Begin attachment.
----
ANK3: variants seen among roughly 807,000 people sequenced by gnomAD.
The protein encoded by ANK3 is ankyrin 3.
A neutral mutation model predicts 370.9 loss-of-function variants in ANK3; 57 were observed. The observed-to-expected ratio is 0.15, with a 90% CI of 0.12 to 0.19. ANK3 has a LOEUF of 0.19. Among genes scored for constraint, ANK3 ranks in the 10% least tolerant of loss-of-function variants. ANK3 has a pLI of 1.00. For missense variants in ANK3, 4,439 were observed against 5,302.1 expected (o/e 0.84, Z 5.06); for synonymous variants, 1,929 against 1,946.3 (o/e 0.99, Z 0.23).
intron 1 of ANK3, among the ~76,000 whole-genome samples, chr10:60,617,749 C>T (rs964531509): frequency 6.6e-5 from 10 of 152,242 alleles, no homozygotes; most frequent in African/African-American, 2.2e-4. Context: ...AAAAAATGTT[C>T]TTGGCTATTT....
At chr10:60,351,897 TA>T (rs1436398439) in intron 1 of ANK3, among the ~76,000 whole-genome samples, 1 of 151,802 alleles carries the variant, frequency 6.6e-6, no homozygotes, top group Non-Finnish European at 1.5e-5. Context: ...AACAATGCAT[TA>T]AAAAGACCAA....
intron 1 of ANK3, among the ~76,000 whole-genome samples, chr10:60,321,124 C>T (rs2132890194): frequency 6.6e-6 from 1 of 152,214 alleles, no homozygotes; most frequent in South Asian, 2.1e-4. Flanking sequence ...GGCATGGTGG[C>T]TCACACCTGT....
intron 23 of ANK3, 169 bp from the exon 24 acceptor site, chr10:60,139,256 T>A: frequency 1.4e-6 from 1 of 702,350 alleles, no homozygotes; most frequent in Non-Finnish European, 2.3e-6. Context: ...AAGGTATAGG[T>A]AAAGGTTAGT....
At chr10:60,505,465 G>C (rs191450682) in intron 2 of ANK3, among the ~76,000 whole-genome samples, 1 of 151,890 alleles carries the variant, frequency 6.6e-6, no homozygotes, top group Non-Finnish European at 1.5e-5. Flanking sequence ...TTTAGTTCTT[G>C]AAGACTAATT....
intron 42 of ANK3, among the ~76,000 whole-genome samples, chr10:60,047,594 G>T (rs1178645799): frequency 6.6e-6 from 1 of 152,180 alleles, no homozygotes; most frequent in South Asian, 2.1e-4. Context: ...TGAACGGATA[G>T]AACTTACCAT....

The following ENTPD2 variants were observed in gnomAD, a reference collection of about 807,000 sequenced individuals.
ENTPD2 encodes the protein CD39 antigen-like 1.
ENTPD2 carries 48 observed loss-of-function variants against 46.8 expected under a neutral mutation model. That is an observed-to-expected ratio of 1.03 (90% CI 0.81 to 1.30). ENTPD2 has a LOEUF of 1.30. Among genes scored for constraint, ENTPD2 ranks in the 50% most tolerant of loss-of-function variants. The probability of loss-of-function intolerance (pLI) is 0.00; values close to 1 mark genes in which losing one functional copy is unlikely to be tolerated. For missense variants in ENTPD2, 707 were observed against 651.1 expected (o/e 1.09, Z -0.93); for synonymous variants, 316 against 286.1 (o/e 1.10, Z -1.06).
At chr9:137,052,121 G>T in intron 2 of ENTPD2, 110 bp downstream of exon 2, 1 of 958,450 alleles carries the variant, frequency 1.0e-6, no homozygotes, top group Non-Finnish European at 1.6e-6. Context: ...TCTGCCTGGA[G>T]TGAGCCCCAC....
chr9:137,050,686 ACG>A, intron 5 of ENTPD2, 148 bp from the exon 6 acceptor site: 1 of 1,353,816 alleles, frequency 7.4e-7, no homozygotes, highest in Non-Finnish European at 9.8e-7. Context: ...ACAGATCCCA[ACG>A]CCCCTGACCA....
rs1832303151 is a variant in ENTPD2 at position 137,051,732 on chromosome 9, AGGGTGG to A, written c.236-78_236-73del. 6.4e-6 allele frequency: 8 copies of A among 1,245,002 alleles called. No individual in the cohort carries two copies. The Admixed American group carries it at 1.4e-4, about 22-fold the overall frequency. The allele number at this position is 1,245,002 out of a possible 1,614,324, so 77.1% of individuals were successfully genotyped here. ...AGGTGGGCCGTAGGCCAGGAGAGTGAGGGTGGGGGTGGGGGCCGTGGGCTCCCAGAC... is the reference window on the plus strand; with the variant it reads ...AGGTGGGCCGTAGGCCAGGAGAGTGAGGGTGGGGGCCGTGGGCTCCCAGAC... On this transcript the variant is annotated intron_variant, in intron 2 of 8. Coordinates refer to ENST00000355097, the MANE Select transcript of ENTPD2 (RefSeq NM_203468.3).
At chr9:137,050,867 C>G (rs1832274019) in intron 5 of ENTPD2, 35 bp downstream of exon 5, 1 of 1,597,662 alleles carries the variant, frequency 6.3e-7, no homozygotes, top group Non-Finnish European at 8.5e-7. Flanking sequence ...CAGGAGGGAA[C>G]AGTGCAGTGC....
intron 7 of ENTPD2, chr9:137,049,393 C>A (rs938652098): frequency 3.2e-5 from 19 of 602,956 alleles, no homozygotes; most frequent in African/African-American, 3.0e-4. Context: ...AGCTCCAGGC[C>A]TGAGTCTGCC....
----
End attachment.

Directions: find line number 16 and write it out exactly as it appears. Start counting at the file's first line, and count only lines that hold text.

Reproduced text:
At chr9:137,050,867 C>G (rs1832274019) in intron 5 of ENTPD2, 35 bp downstream of exon 5, 1 of 1,597,662 alleles carries the variant, frequency 6.3e-7, no homozygotes, top group Non-Finnish European at 8.5e-7. Flanking sequence ...CAGGAGGGAA[C>G]AGTGCAGTGC....